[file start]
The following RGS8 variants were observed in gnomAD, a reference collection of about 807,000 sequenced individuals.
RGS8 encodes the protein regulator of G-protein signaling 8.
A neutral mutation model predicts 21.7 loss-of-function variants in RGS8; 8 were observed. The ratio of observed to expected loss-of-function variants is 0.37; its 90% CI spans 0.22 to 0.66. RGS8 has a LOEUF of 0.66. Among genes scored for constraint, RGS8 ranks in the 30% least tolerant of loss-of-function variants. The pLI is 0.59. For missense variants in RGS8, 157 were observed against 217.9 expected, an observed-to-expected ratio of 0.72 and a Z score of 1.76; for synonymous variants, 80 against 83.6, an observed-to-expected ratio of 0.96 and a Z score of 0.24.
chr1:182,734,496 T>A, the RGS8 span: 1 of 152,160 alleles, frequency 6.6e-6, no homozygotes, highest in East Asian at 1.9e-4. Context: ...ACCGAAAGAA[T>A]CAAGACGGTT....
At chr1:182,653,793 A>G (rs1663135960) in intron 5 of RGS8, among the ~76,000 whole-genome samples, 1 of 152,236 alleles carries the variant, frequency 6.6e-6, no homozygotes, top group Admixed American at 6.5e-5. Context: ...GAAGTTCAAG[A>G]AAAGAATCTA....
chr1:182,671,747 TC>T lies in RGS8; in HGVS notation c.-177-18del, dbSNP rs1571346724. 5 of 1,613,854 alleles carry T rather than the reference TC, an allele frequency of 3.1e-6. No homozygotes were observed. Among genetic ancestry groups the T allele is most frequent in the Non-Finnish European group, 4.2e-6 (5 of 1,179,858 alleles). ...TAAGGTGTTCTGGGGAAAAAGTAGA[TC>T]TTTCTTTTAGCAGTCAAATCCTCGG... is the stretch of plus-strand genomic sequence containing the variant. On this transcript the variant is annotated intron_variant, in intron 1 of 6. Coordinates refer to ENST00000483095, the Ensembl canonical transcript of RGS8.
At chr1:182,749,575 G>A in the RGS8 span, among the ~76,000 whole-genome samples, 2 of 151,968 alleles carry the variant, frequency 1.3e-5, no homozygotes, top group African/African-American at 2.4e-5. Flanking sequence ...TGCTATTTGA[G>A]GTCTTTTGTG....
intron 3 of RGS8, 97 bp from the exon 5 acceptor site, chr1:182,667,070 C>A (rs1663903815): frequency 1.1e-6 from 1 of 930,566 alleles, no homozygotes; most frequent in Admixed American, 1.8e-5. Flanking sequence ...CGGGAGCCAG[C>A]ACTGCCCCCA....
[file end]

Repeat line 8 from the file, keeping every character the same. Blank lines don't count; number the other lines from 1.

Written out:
intron 3 of RGS8, 97 bp from the exon 5 acceptor site, chr1:182,667,070 C>A (rs1663903815): frequency 1.1e-6 from 1 of 930,566 alleles, no homozygotes; most frequent in Admixed American, 1.8e-5. Flanking sequence ...CGGGAGCCAG[C>A]ACTGCCCCCA....